Harvey is back, and French Stewart is seeing him (even if we can’t) in Laguna Playhouse’s spiffy 2019 revival of Mary Chase’s 1944 Pulitzer Prize-winning comedy classic.

Now if only said Harvey didn’t pose such a problem for society matron Veta Louise Simmons (Vanessa Claire Stewart), whose hopes of finding a husband for her marriageable daughter Myrtle Mae (Lily Gibson) are being constantly sabotaged by a six-foot-tall rabbit invisible to all but her eccentric brother Elwood P. Dowd (French Stewart).

Hence Veta’s determination to have Elwood committed to Chumley’s Experimental Rest Home For The Mentally Askew, a plan that goes disastrously askew when it’s Veta herself who’s hauled off to a padded cell thanks to hospital staffers William R. Chumley, M.D. (Gregory North), Lyman Sanderson, M.D. (Nick Gabriel), Ruth Kelly, R.N. (Roxane Hayward), and orderly Duane Wilson’s (Nicholas Mongiardo-Cooper) unfortunate misapprehension that it’s Veta who’s hallucinating and not her brother.

And this is only the start of the intellectual screwball comedy that beat Tennessee Williams’ The Glass Menagerie for the 1944 Pulitzer, a play that may have faded into relative obscurity compared to the Williams masterpiece but whose 75th-anniversary Laguna Playhouse revival reveals considerable depth beneath between its surface gaiety and froth.

Is the six-foot rodent a figment of Elwood’s imagination or is he merely invisible to those too “normal” to see him? Has Elwood’s life improved since Harvey came into it, or would he be better off if modern psychiatry could rid him of what may or may not be a delusion? Is sanity all it’s cracked up to be?

These are just a few of the questions you may find yourself attempting to answer as Harvey weaves its magic spell over Laguna Playhouse under Andrew Barnicle’s flairful direction.

 A 1950 movie adaptation may have made Elwood P. Dowd’s name synonymous with another actor surnamed Stewart, but there’s not a trace of Jimmy in his namesake’s irresistible star turn on the Laguna Playhouse stage, the L.A. theater treasure investing Elwood with the signature quirks audiences have savored since 3rd Rock From The Sun rocketed a young actor named French to TV stardom while at the same time making Elwood his own distinct, heartfelt creation.

Stewart’s real-life leading lady reinvents the reputation-conscious Veta, giving her as much steel as dither, and just wait till Elwood’s sis makes her second, post-hydro tub appearance in hilarious disarray.

North has great fun as the pompous but weirdly endearing Dr. Wilson, who dreams of an anonymous romantic encounter with “a pretty young woman, a strange young woman, a quiet woman” in Akron, go figure.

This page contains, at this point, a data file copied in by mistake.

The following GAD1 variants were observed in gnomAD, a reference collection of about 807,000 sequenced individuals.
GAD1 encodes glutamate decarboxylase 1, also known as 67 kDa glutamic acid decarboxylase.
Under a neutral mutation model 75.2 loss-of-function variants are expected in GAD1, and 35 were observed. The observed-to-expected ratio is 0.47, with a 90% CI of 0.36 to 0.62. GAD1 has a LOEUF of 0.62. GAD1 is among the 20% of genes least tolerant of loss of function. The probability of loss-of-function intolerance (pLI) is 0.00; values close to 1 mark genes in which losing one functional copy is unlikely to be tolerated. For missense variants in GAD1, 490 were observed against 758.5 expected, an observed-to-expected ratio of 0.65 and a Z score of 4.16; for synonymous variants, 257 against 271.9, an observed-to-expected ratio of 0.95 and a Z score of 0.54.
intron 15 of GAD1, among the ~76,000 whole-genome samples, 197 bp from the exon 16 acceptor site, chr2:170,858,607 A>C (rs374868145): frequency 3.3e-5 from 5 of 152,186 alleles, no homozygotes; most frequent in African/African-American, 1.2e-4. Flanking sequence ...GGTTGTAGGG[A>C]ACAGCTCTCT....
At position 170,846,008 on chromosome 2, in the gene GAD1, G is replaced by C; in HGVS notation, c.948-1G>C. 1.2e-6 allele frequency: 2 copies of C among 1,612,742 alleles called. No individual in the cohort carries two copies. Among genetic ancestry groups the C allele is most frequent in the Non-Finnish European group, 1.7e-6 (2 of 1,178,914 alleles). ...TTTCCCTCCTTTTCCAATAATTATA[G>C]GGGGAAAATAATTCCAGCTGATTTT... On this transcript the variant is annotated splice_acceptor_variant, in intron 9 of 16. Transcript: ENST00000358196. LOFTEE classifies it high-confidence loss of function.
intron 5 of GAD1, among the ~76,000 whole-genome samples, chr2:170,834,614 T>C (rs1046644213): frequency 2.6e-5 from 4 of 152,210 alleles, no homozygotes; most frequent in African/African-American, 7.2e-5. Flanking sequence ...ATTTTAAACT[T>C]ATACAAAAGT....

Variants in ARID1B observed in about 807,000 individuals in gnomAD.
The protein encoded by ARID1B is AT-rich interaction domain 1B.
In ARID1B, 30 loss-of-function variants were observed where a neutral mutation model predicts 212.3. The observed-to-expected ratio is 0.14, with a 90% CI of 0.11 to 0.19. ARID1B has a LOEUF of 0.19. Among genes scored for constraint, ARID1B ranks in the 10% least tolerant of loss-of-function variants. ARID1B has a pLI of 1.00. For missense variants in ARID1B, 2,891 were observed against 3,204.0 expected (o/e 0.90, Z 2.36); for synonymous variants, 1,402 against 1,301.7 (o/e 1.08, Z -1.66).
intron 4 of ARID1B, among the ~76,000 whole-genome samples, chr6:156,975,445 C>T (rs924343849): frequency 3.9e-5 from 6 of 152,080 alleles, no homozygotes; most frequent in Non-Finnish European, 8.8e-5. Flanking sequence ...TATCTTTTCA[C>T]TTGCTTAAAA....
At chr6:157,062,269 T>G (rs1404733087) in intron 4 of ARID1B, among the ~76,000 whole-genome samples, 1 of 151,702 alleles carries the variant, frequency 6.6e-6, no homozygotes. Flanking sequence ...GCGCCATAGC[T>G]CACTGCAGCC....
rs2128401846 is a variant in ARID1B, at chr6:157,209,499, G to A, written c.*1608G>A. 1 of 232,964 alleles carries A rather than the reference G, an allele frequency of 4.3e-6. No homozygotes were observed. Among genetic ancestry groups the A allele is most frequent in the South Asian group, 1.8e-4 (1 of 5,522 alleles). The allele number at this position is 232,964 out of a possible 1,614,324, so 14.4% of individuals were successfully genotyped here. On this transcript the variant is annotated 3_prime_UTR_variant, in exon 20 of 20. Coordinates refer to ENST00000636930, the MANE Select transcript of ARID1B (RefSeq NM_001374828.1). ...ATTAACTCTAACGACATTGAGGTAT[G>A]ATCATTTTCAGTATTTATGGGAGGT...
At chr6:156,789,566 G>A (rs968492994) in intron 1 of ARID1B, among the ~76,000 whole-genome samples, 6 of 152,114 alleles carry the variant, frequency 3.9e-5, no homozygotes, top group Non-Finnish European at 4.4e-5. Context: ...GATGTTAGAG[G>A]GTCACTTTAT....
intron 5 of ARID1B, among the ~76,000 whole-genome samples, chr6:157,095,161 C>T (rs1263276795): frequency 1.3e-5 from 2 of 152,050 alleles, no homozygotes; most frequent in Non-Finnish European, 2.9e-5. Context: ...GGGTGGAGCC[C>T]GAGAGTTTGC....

Gibson’s Myrtle Mae steals every scene she’s in as a moneyed ingenue with a high-pitched screech of a voice to do Betty Boop proud, and ignites some crackling chemistry with Mongiardo-Cooper’s pizzazzy palooka of a hospital orderly, Gabriel and Hayward completing the loony bin staff to perfection while doing some chemistry igniting of their own along the way.

Last but not least, Teresa Ganzel (vanishing inside Dr. Chumley’s wife Betty’s high society skin), Larry Cedar (as the quietly-smitten-with-Veta Judge Omar Gaffney), Carole Ita White (in classic dowager mode as Mrs. Ethel Chauvenet), and Tom Shelton (doing his best deus ex machina as a philosophical cab driver named E.J. Lofgren) deliver a series of superbly rendered featured turns.

Adding to Harvey’s appeal every step of the way are scenic designer Bruce Goodrich’s stunningly detailed set (half Dowd-Simmons library and half Chumley’s Rest), Kate Bergh’s meticulously designed period costumes, Lonnie Rafael Alcaraz’s effectively mood-enhancing lighting, Kate Wecker’s magic-making sound design, and Anthony Gagliardi’s pitch-perfect character wigs.

Vernon Willet is production stage manager. Casting is by Michael Donovan, CSA.

Mary Chase’s Harvey may remain a school and community theater staple, but rarely are professional theaters granted their crack at this 20th-century American classic, just one reason to celebrate Elwood P. Dowd and company’s arrival in the OC.

Mixing whimsy and nostalgia with abundant laughter and unexpected depth, Harvey lights up the Laguna Playhouse stage, no matter that only Elwood can see him.

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Laguna Playhouse, 606 Laguna Canyon Road, Laguna Beach. Reservations: 949 497-2787

–Steven Stanley
June 2, 2019
Photos: Ed Krieger

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